Fig. 2
figure2

Adjusted relative hazards with continuous variables. ac The optimized number of knots applied in the multivariate analysis of CSS was 4, 6, and 3 for age, LNC, and LNR, respectively. df These numbers of knots were 4, 6, and 4 for the same three variables in the analysis of OS. RCS, restricted cubic spline function; CSS, cancer-specific survival; OS, overall survival; LNC, lymph node count; LNR, lymph node ratio

Table 2 Univariate cox regression analysis of training cohort
Table 3 Multivariate cox regression analysis of training cohort

Nomograms for CSS and OS

As selected by the AIC, all tested covariates were employed in the nomograms. The c-indexes were 0.816 (95 % CI 0.810–0.822) and 0.777 (95 % CI 0.772–0.782) for the CSS (Fig. 3a) and OS (Fig. 3b) predictive nomograms, respectively. Details of the nomograms’ labels and points were shown in Table 4 and Table 5.

Fig. 3
figure3

Nomograms for (a) CSS and (b) OS. Generally, each individual involved covariate was assessed for the patient and given a point on the basis of the nomograms. Aggregated points were obtained by summing the given points of all involved variables. The aggregated points corresponded to particular survival probabilities and median survival years that could be indicated by the nomograms. A higher total number of points frequently indicated a higher possibility of adverse outcomes (CSS or OS) and therefore a lower expected survival. CSS, cancer-specific survival; OS, overall survival

Table 4 Points for categorical variables in nomograms
Table 5 Points for continuous variables in nomograms

Internal validation

The bootstrap-corrected c-indexes (CSS, 0.8157; OS, 0.7768) were close to those of the nomograms. Both models exhibited good validation.

Nomogram calibration

As shown in the calibration plots, the nomogram-predicted 3- and 5-year CSS and OS were well correlated with the corresponding Kaplan–Meier estimates (Fig. 4), suggesting appreciable reliability of the nomograms.

Fig. 4
figure4

Bootstrap calibrations of nomograms. The predicted 3- and 5-year (a, b) CSS and (c, d) OS were well correlated with the actual survival probabilities

External validation

The c-indexes of the nomograms for prediction of CSS and OS were 0.809 (95 % CI 0.791–0.827) and 0.773 (95 % CI 0.757–0.789) in the validation cohort, while the optimism-corrected c-indexes were 0.804 and 0.768, respectively. In the test cohort, the c-indexes were 0.839 (95 % CI 0.830–0.846) and 0.802 (95 % CI 0.796–0.808) with corrected estimates of 0.838 and 0.801 for CSS and OS prediction, respectively. The external calibration plots also showed good validation (Fig. 5).

Fig. 5
figure5

Bootstrap calibration of nomograms in the external cohorts. The nomograms were externally calibrated in the validation cohort by predicting the 3- and 5-year (a, b) CSS and (c, d) OS. The nomograms were also calibrated in the test cohort for the 3-year (e) CSS and (f) OS. All results showed good validation. CSS, cancer-specific survival; OS, overall survival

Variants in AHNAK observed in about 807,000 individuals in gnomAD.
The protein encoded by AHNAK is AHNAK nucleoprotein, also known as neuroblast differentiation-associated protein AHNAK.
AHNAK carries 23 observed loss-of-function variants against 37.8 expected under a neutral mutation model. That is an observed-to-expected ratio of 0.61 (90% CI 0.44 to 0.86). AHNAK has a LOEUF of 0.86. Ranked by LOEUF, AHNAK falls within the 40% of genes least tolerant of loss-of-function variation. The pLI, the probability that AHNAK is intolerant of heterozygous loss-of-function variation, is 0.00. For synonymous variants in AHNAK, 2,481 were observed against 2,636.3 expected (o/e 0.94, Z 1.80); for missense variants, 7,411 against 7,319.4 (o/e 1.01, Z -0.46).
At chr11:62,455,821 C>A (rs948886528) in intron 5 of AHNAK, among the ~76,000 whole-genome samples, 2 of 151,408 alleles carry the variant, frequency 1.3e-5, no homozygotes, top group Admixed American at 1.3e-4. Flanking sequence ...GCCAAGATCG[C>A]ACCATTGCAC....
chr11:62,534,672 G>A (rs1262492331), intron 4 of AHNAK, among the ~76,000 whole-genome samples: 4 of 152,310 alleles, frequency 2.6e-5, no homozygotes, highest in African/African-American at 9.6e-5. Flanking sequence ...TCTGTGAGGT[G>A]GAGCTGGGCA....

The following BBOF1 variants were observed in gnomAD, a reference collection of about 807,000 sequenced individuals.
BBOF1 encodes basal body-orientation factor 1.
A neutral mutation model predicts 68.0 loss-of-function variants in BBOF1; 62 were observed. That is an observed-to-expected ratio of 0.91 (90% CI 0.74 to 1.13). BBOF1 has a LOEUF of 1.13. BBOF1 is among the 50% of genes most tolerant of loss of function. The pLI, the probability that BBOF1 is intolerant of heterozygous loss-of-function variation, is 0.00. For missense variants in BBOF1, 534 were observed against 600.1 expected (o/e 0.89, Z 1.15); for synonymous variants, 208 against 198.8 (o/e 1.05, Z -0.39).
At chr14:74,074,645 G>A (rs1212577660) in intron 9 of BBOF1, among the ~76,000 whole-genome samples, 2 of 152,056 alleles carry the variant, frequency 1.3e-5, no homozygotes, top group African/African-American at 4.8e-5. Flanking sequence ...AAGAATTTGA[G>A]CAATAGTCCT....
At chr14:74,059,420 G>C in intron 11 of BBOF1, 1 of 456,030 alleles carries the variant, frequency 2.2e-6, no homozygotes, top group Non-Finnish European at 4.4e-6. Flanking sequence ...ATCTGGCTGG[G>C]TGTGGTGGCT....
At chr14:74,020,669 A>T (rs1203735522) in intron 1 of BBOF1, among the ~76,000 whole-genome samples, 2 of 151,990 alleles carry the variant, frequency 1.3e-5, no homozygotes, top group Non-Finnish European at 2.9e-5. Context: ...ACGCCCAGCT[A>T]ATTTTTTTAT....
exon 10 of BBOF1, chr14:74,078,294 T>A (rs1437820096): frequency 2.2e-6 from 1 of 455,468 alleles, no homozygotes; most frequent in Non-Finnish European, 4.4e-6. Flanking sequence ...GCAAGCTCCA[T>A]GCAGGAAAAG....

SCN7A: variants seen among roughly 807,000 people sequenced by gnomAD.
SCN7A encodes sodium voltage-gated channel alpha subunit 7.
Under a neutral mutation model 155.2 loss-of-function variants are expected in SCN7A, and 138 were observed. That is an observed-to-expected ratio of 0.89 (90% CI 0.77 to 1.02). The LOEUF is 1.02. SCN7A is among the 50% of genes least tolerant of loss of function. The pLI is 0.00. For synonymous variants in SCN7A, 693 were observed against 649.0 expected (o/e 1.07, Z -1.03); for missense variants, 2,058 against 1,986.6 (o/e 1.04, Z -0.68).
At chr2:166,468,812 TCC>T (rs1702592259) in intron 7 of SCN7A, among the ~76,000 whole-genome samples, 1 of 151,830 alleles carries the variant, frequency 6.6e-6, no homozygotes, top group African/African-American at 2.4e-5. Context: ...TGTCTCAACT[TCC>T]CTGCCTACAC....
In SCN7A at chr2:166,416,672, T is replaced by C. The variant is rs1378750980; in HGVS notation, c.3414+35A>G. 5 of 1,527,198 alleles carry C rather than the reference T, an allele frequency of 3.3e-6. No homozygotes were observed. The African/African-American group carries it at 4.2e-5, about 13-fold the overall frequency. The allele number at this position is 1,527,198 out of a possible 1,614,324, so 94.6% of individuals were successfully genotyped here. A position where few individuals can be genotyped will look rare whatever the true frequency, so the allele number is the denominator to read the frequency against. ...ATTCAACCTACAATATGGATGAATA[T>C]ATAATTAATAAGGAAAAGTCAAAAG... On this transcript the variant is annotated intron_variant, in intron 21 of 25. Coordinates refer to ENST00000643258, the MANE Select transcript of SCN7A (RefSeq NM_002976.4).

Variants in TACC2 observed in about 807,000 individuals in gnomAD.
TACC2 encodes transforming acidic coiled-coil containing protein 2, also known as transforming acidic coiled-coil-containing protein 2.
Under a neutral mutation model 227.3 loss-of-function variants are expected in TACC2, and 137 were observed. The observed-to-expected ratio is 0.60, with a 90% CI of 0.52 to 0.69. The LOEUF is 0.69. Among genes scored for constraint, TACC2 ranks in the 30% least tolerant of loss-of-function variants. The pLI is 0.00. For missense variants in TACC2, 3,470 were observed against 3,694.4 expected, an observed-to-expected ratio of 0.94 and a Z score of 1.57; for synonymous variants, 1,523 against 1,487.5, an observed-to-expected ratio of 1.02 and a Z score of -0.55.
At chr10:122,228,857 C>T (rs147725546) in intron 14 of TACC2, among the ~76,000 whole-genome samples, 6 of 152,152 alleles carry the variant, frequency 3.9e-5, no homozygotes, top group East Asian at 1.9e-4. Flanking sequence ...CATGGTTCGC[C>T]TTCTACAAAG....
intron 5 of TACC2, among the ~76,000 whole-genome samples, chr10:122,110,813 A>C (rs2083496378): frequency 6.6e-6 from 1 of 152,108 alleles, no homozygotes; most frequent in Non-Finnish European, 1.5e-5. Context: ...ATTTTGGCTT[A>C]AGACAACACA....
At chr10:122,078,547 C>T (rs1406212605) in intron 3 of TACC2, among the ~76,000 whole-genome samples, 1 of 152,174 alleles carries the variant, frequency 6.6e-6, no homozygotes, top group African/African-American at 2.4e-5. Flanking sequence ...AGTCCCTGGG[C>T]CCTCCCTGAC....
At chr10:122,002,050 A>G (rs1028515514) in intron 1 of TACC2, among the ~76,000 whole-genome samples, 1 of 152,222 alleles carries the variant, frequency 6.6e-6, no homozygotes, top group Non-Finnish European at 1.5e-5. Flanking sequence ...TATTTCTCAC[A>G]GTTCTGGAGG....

Time-dependent ROC curve analysis

The areas under the ROC curve (AUCs) for predicting CSS ranged from 83.0 to 87.8 % in the three cohorts from 1 to 7 years. The AUCs for predicting OS varied from 80.6 to 84.6 % during the same years (Table 6). The nomograms exhibited considerable efficiency to discriminate outcomes.

Table 6 Time-dependent receiver-operating characteristic curves analysis

Comparison of nomograms with AJCC stages

First, when compared with the AJCC6/7 stages, the nomograms yielded the largest log-likelihoods and c-indexes along with the smallest AIC values for CSS and OS prediction in all cohorts (Table 7). These results imply that the nomograms were more robust than the AJCC stages.

Table 7 Comparison of nomogram with AJCC staging system

Second, as depicted by the Kaplan–Meier curves, the ability of the AJCC7 stages to discriminate CSS and OS was mediocre in both the training (Fig. 6a) and external cohorts (Fig. 7). However, the Nomo stages performed consistently much better in all cohorts (Figs. 6a and 7). Further analysis in the training (Fig. 6b and c) and test cohorts (Fig. 8) showed that the nomograms were also able to stratify each AJCC7 stage into three significant prognostic groups with low, medium, and high risks of CSS and OS, respectively. Additional elaborations on the 5-year cumulative survival (Table 8) and hazard ratios (Table 9) of the Nomo stages as well as the stratified risk groups (Table 10) confirmed robust utility of nomograms in both risk classification and stratification.

Fig. 6
figure6

Kaplan–Meier curve analysis of risk classification and stratification in the training cohort. a Risk classification of CSS and OS using the 7th edition of the AJCC stages (AJCC7) and Nomo stages (all log-rank P values for trend <0.0001). b Risk stratification of CSS for each AJCC7 substage. c Risk stratification of OS for each AJCC7 substage (all log-rank P values for trend <0.0001, all log-rank P values for pairwise comparisons <0.05). CSS, cancer-specific survival; OS, overall survival; AJCC, American Joint Committee on Cancer

Fig. 7
figure7

Kaplan–Meier curve analysis for risk classification of (a) CSS and (b) OS in the validation and test cohorts. All log-rank P values for trend <0.0001. CSS, cancer-specific survival; OS, overall survival

Fig. 8
figure8

Kaplan–Meier curve analysis for risk stratification of (a) CSS and (b) OS within each AJCC substage using the test cohort. All log-rank P values for trend <0.0001. CSS, cancer-specific survival; OS, overall survival

Table 8 Cumulative survival for Nomo stages in derivation and external validation cohorts
Table 9 Relative hazard for Nomo stages in derivation and external validation cohorts
Table 10 Risk stratifications for each AJCC substage in training and test cohorts